Optionals

How to handle optionals

How to handle optionals

As we saw in the previous chapter, Optionals are really just enum types. However, as they're deeply ingrained into the language, Swift offers a lot of additional possibilities of handling Optionals.

If Let

Certainly the most used one is the so-called if let. You're basically telling Swift "If this optional value myOptionalValue actually contains a value, please give me the contained value into the variable named myUnwrappedValue":

if let myUnwrappedValue = myOptionalValue {
  print(myUnwrappedValue)
}

If myOptionalValue is actually empty, then the print statement would never be executed. As with any typical if statement, this can also have an else expression:

if let myUnwrappedValue = myOptionalValue {
  print(myUnwrappedValue)
} else {
  print("No Value")
}

You can also combine multiple if let statements if you need to handle multiple Optional values:

if let firstValue = firstOptionalValue,
   let secondValue = secondOptionalValue,
   let thirdValue = thirdOptionalValue {
   print(firstValue, secondValue, thirdValue)
} 

Finally, you can mix and match the if let pattern with normal if expressions:

if let firstValue = firstOptionalValue,
   firstValue > 10
   let secondValue = secondOptionalValue,
   secondValue == "HTTP",
   let thirdValue = thirdOptionalValue {
   print(firstValue, secondValue, thirdValue)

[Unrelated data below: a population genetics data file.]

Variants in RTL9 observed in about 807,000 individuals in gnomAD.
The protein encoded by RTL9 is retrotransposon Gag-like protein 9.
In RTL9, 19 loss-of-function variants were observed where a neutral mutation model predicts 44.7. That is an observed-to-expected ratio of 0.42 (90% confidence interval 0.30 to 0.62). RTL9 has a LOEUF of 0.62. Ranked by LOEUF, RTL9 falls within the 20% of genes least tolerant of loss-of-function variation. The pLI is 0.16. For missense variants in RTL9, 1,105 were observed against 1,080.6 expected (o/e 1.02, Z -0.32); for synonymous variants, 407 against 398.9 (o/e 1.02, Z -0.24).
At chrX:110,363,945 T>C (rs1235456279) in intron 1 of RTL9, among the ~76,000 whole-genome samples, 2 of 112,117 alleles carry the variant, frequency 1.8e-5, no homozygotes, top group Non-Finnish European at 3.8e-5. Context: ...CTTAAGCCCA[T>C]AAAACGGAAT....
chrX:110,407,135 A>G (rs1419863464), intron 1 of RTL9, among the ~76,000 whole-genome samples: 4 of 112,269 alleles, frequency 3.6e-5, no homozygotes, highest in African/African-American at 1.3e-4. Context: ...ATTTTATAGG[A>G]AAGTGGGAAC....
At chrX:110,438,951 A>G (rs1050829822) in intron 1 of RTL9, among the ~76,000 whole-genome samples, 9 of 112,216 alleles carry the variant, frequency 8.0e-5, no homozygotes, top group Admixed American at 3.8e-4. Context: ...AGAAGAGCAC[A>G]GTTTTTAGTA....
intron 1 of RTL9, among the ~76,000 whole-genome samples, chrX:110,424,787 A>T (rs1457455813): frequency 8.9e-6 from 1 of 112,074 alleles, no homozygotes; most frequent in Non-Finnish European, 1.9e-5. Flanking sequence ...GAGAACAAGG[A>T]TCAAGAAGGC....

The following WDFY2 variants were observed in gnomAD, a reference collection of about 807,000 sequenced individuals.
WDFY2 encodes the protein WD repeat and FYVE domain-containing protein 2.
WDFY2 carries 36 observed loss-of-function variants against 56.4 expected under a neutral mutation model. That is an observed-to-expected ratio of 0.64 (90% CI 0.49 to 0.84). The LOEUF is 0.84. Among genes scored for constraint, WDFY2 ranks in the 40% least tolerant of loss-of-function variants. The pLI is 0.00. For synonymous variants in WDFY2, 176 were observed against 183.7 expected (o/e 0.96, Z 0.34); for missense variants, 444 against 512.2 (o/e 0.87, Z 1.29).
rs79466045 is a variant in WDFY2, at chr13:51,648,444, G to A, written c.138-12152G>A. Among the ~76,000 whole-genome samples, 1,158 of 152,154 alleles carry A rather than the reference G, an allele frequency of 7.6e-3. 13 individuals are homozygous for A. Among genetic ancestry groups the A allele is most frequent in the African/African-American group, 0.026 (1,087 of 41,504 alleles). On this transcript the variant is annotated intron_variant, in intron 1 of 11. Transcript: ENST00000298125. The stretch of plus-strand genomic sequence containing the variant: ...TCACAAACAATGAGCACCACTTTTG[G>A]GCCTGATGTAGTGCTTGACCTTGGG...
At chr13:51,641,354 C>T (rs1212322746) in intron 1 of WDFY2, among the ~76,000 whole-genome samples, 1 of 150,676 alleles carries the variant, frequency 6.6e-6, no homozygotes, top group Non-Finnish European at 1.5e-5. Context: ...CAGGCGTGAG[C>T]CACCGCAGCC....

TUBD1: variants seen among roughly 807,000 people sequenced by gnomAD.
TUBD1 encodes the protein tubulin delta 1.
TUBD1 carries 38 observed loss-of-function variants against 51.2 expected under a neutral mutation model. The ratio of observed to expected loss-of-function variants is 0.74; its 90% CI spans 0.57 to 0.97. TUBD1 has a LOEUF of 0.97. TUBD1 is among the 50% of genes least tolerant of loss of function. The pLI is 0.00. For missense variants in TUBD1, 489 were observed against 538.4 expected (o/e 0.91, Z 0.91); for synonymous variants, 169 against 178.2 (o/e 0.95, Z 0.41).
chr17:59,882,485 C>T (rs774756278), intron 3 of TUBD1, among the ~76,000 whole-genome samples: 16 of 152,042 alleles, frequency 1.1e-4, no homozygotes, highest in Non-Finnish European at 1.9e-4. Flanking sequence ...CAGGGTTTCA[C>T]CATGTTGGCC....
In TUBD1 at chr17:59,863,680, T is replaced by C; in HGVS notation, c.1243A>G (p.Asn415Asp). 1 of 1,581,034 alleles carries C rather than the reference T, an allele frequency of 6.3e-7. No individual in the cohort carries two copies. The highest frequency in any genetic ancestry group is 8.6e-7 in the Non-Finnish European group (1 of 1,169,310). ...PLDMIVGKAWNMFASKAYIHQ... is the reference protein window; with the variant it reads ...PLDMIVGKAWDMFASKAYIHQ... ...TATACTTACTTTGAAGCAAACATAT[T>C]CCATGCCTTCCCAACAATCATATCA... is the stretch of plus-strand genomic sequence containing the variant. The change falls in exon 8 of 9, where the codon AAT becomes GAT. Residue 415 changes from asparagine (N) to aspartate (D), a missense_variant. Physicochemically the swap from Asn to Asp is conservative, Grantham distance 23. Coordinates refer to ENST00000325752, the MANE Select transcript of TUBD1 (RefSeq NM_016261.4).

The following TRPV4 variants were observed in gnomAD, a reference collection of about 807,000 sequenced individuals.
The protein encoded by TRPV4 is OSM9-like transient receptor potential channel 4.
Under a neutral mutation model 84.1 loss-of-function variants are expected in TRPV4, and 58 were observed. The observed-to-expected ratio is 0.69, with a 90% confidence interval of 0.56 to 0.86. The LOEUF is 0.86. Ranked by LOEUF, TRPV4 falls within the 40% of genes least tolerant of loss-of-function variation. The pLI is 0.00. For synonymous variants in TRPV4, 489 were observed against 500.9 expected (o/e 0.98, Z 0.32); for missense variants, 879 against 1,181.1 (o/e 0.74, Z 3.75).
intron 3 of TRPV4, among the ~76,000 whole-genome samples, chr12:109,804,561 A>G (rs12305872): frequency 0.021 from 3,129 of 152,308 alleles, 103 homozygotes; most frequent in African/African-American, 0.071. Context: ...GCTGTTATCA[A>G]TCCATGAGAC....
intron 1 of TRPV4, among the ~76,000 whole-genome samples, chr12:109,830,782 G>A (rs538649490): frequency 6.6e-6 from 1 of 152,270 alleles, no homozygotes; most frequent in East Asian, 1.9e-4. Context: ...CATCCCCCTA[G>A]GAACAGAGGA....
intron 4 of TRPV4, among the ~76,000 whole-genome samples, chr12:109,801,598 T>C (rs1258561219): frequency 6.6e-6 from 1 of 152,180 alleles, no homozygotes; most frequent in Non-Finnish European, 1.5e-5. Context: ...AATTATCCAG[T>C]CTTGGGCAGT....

} 

In this example, we only print the three values if the firstOptionalValue is not empty and has a value > 10, and if the second optional value is not empty and has the value "HTTP" and if the third optional value is not empty.

Guard

Another nice feature of Swift are the guard statements. They're basically like inverted if statements. You usually use them at the beginning of a block of code to make sure that all your requirements are held. The main difference compared to if let is that you're required to leave the current scope (i.e. return, continue, or break) if the guard does not succeed. Lets look at this nonsensical function that tries to do addition with two Optional Int values. For that to work, we need to make sure that

func addOptionals(firstNumber: Int?, secondNumber: Int?) -> Int? {
  guard let first = firstNumber, let second = secondNumber
        else { return nil }
  return first + second
}

So here, we do the guard let in order to make sure that both firstNumber and secondNumber have a value, otherwise we can't really do the addition. So if one of them (or both) don't have a value, we return early in the else { return nil} block.

Observe how with if let the code-to-be-executed is within the if braces, while with guard let it is not:

if let a = b {
  print(b)
}

guard let a = b else { return }
print(b)

This makes it easier to follow the structure of code because your main code is not nested but only at the very left side of the function.

Switch

We already mentioned this in the previous chapter, but you can also use switch to handle Optionals:

switch myOptionalValue {
case let value?: print(value)
default: ()
}

We have a whole guide on pattern matching with Swift where this is explained in much more detail.

Forced Unwrap

Sometimes, if you're absolutely sure that your Optional has a value, you can also use the forced unwrap. This tells Swift to handle this Optional value as if it was a non-optional value.

This works great, but it means that the optional has to have a value. If you try a forced unwrap on an empty optional (i.e. nil) it will cause a runtime error (meaning, crash).

let oneValue: Int? = 5
let twoValue: Int? = nil

print(oneValue!) // No Crash
print(twoValue!) // Crash

But wait, there's more. The next section in our guides discusses two additional methods of handling optionals that are also really, really useful: Optional Chaining and Map.